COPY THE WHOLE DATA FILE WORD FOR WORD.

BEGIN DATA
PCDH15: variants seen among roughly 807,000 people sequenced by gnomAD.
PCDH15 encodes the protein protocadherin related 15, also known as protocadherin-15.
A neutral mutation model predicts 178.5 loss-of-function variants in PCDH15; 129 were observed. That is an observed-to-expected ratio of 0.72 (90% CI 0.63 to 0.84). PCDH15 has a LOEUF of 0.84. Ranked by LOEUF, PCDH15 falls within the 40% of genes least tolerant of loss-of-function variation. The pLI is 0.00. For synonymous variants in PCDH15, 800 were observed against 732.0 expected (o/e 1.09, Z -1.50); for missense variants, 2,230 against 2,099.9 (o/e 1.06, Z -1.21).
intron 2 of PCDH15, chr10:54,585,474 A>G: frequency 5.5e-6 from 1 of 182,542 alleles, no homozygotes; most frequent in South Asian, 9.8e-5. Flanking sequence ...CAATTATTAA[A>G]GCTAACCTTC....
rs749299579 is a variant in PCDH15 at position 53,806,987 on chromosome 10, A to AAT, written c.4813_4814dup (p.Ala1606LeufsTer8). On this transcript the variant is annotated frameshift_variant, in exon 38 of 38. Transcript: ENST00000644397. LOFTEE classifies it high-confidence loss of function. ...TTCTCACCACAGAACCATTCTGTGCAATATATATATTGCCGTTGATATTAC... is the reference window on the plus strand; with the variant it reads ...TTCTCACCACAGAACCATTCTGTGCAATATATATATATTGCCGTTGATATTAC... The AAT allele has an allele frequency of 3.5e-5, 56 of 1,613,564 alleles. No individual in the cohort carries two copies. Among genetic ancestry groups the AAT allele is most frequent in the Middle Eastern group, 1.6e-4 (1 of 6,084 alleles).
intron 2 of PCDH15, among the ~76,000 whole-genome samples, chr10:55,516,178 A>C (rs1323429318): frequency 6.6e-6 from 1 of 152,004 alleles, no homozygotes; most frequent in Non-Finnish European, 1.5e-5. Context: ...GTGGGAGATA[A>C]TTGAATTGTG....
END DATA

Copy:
PCDH15: variants seen among roughly 807,000 people sequenced by gnomAD.
PCDH15 encodes the protein protocadherin related 15, also known as protocadherin-15.
A neutral mutation model predicts 178.5 loss-of-function variants in PCDH15; 129 were observed. That is an observed-to-expected ratio of 0.72 (90% CI 0.63 to 0.84). PCDH15 has a LOEUF of 0.84. Ranked by LOEUF, PCDH15 falls within the 40% of genes least tolerant of loss-of-function variation. The pLI is 0.00. For synonymous variants in PCDH15, 800 were observed against 732.0 expected (o/e 1.09, Z -1.50); for missense variants, 2,230 against 2,099.9 (o/e 1.06, Z -1.21).
intron 2 of PCDH15, chr10:54,585,474 A>G: frequency 5.5e-6 from 1 of 182,542 alleles, no homozygotes; most frequent in South Asian, 9.8e-5. Flanking sequence ...CAATTATTAA[A>G]GCTAACCTTC....
rs749299579 is a variant in PCDH15 at position 53,806,987 on chromosome 10, A to AAT, written c.4813_4814dup (p.Ala1606LeufsTer8). On this transcript the variant is annotated frameshift_variant, in exon 38 of 38. Transcript: ENST00000644397. LOFTEE classifies it high-confidence loss of function. ...TTCTCACCACAGAACCATTCTGTGCAATATATATATTGCCGTTGATATTAC... is the reference window on the plus strand; with the variant it reads ...TTCTCACCACAGAACCATTCTGTGCAATATATATATATTGCCGTTGATATTAC... The AAT allele has an allele frequency of 3.5e-5, 56 of 1,613,564 alleles. No individual in the cohort carries two copies. Among genetic ancestry groups the AAT allele is most frequent in the Middle Eastern group, 1.6e-4 (1 of 6,084 alleles).
intron 2 of PCDH15, among the ~76,000 whole-genome samples, chr10:55,516,178 A>C (rs1323429318): frequency 6.6e-6 from 1 of 152,004 alleles, no homozygotes; most frequent in Non-Finnish European, 1.5e-5. Context: ...GTGGGAGATA[A>C]TTGAATTGTG....